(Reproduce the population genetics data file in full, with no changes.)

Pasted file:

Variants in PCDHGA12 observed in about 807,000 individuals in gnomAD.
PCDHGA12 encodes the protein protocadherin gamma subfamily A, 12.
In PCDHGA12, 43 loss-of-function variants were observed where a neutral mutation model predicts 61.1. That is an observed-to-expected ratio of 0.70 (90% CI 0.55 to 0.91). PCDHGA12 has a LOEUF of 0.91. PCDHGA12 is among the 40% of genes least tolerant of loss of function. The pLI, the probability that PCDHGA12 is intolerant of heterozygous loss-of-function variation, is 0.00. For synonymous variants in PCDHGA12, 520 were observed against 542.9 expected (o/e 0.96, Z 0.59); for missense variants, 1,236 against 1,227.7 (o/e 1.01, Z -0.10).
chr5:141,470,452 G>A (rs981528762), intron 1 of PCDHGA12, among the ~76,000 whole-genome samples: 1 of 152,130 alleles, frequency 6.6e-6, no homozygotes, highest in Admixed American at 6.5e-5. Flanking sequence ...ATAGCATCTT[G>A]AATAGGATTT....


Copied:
Variants in PCDHGA12 observed in about 807,000 individuals in gnomAD.
PCDHGA12 encodes the protein protocadherin gamma subfamily A, 12.
In PCDHGA12, 43 loss-of-function variants were observed where a neutral mutation model predicts 61.1. That is an observed-to-expected ratio of 0.70 (90% CI 0.55 to 0.91). PCDHGA12 has a LOEUF of 0.91. PCDHGA12 is among the 40% of genes least tolerant of loss of function. The pLI, the probability that PCDHGA12 is intolerant of heterozygous loss-of-function variation, is 0.00. For synonymous variants in PCDHGA12, 520 were observed against 542.9 expected (o/e 0.96, Z 0.59); for missense variants, 1,236 against 1,227.7 (o/e 1.01, Z -0.10).
chr5:141,470,452 G>A (rs981528762), intron 1 of PCDHGA12, among the ~76,000 whole-genome samples: 1 of 152,130 alleles, frequency 6.6e-6, no homozygotes, highest in Admixed American at 6.5e-5. Flanking sequence ...ATAGCATCTT[G>A]AATAGGATTT....